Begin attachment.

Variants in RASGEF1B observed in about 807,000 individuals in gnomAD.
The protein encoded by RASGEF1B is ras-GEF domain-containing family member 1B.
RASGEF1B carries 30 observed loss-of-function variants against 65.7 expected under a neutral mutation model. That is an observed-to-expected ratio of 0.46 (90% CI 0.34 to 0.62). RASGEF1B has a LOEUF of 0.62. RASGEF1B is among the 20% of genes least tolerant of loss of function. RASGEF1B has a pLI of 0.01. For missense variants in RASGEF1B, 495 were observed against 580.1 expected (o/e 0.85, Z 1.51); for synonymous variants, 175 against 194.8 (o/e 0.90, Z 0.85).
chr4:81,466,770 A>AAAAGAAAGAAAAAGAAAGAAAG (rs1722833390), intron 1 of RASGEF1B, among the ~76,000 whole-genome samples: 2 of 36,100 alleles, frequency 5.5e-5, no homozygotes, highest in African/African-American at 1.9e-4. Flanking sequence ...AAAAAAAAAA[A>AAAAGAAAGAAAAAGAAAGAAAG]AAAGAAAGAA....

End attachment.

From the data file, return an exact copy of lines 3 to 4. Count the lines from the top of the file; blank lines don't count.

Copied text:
RASGEF1B carries 30 observed loss-of-function variants against 65.7 expected under a neutral mutation model. That is an observed-to-expected ratio of 0.46 (90% CI 0.34 to 0.62). RASGEF1B has a LOEUF of 0.62. RASGEF1B is among the 20% of genes least tolerant of loss of function. RASGEF1B has a pLI of 0.01. For missense variants in RASGEF1B, 495 were observed against 580.1 expected (o/e 0.85, Z 1.51); for synonymous variants, 175 against 194.8 (o/e 0.90, Z 0.85).
chr4:81,466,770 A>AAAAGAAAGAAAAAGAAAGAAAG (rs1722833390), intron 1 of RASGEF1B, among the ~76,000 whole-genome samples: 2 of 36,100 alleles, frequency 5.5e-5, no homozygotes, highest in African/African-American at 1.9e-4. Flanking sequence ...AAAAAAAAAA[A>AAAAGAAAGAAAAAGAAAGAAAG]AAAGAAAGAA....